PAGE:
Once again, the sky is the limit, or at least the destination, as Washington State University celebrates the revival of its astronomy program and the reopening of Jewett Observatory.
The WSU astronomy program, which flourished in earlier decades, was challenged in the 1990s when instructor Tom Lutz died, and his wife, Julie, the second main astronomy professor, moved to Seattle. The mathematics department, which has administered the program since its inception, tried to keep it alive for several years but saw it flatline in spring 2000 when its sole associate professor left for another university. Due to lack of budgetary resources, the mathematics department could not hire sufficient faculty and repair the observatory.
Realizing the importance of the program, the physics department requested that astronomy be moved under its direction, similar to astronomy programs at most universities in the United States. "Astronomy and physics go hand in hand," noted Miles Dresser, professor emeritus in physics.
The program was on ice for a year when the physics department jolted a strong heartbeat back into it by hiring two full-time associate professors to rebuild and teach the astronomy offering:
Guy Worthey, assistant professor of physics, earned his B.S. in astronomy from the University of Wyoming and his M.S. and Ph.D. (1992) degrees in astrophysics from the University of California, Santa Cruz. Worthey was Hubble Fellow and lecturer for five years at the University of Michigan. He joins WSU from St. Ambrose University in Iowa, where he was associate professor of physics and astronomy, director of the Menke Observatory and chair of the physics department. His research interests are observational cosmology and galaxy formation, stars and stellar populations, and chemical and chemodynamical evolution of the universe.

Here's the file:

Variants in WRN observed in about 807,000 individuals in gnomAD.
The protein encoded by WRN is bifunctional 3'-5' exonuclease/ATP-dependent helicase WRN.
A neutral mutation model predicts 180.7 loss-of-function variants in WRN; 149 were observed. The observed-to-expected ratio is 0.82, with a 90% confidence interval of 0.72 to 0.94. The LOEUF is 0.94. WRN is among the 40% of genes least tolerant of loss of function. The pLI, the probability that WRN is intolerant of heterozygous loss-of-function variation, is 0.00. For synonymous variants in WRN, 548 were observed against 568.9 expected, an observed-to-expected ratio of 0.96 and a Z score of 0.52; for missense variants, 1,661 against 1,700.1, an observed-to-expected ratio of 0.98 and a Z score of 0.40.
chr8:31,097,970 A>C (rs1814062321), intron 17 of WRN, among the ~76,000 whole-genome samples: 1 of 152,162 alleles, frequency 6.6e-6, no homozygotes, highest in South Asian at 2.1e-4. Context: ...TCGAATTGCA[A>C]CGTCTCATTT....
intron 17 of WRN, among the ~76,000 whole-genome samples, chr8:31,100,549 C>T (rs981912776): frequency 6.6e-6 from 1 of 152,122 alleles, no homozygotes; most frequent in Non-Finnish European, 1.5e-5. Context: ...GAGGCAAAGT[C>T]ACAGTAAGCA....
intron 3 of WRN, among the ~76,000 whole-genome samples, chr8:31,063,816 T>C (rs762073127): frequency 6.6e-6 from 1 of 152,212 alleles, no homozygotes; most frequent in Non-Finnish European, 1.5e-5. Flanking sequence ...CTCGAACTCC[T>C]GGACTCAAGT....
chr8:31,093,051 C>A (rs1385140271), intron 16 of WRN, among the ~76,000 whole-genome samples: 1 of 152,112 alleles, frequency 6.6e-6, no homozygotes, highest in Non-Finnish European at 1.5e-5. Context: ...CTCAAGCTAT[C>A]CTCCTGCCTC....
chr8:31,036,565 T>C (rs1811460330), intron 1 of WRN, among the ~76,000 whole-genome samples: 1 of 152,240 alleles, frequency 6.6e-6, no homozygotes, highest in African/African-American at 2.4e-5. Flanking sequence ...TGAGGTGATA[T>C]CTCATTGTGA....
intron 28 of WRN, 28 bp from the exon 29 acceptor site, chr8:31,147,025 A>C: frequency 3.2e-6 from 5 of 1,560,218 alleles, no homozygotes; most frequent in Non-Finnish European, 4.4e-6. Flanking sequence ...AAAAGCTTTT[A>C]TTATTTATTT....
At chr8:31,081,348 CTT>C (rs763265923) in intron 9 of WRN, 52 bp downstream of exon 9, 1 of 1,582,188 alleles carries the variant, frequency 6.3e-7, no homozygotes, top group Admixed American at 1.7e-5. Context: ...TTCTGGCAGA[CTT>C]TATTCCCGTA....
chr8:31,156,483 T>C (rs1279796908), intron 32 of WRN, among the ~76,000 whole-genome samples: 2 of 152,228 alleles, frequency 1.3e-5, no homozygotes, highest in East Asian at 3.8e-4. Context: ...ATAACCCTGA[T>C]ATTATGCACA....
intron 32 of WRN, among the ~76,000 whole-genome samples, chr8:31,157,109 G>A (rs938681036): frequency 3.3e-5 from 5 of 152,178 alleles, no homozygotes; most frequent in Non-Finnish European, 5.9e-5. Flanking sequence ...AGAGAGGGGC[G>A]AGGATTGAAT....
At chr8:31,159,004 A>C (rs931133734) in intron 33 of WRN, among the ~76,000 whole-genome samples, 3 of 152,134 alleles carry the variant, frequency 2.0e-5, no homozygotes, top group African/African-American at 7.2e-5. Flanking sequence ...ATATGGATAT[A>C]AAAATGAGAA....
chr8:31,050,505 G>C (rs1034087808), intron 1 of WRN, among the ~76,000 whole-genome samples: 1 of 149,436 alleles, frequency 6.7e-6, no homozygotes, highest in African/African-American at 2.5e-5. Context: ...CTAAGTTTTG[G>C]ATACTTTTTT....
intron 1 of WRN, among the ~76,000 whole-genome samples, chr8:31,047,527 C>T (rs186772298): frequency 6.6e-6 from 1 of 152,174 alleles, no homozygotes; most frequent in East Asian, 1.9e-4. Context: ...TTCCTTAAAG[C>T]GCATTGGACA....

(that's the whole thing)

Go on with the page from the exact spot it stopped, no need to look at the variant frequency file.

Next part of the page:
Worthey is a mission scientist for the Space Interferometry Mission, a satellite that NASA hopes to launch in 2009.
Sukanta Bose, assistant professor of physics, earned his first degree at the Indian Institute of Technology and his master’s and doctorate (1996) at the University of Wisconsin. He held postdoctoral positions at the Albert-Einstein-Institute in Potsdam, Cardiff University, the NIOBE Gravity-Wave Lab in Perth and the Inter-University Centre for Astronomy and Astrophysics in India. His primary research interests are in detecting gravitational waves, black hole physics and cosmology. Bose participates in the international effort to use gravitational-wave observations to estimate the rate of binary neutron-star/black-hole coalescence events. He expects to strengthen relationships with the Laser Interferometric Gravitational-wave Observatory group at Hanford.
Worthey and Bose began the year by offering two new undergraduate classes in astronomy. That expanded to three this spring and will expand again in the fall.
The program is seeking approval as a degree minor, with plans to expand it into a full major in the future.
During the past year, the physics department has also invested in the remodeling of the Jewett Observatory (built in 1953) and the repair of the classic 12-inch refractory telescope, which it houses. This telescope — the largest of its kind in the state — was built in 1887 by Alvin Clark & Sons.
As part of reintroducing the program to the campus and community, the Department of Physics is holding a grand reopening of the Jewett Observatory at 4 p.m. Tuesday, March 26, in the observatory. Worthey and Bose will be on hand to discuss their plans.
For more information on the program see http://astro.wsu.edu/index.html.
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